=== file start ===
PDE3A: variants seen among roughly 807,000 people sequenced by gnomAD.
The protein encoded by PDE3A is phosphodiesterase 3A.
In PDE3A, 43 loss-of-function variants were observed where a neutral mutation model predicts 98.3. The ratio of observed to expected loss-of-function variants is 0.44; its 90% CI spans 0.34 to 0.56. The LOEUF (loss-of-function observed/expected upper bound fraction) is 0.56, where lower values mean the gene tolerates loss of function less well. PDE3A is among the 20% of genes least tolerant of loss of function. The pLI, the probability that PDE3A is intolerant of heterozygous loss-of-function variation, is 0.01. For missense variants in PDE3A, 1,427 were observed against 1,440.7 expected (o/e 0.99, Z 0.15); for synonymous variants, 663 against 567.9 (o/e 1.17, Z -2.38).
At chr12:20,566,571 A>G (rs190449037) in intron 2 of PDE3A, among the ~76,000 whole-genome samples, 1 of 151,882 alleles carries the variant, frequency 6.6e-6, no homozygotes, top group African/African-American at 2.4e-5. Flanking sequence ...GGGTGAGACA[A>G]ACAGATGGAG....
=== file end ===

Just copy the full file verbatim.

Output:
PDE3A: variants seen among roughly 807,000 people sequenced by gnomAD.
The protein encoded by PDE3A is phosphodiesterase 3A.
In PDE3A, 43 loss-of-function variants were observed where a neutral mutation model predicts 98.3. The ratio of observed to expected loss-of-function variants is 0.44; its 90% CI spans 0.34 to 0.56. The LOEUF (loss-of-function observed/expected upper bound fraction) is 0.56, where lower values mean the gene tolerates loss of function less well. PDE3A is among the 20% of genes least tolerant of loss of function. The pLI, the probability that PDE3A is intolerant of heterozygous loss-of-function variation, is 0.01. For missense variants in PDE3A, 1,427 were observed against 1,440.7 expected (o/e 0.99, Z 0.15); for synonymous variants, 663 against 567.9 (o/e 1.17, Z -2.38).
At chr12:20,566,571 A>G (rs190449037) in intron 2 of PDE3A, among the ~76,000 whole-genome samples, 1 of 151,882 alleles carries the variant, frequency 6.6e-6, no homozygotes, top group African/African-American at 2.4e-5. Flanking sequence ...GGGTGAGACA[A>G]ACAGATGGAG....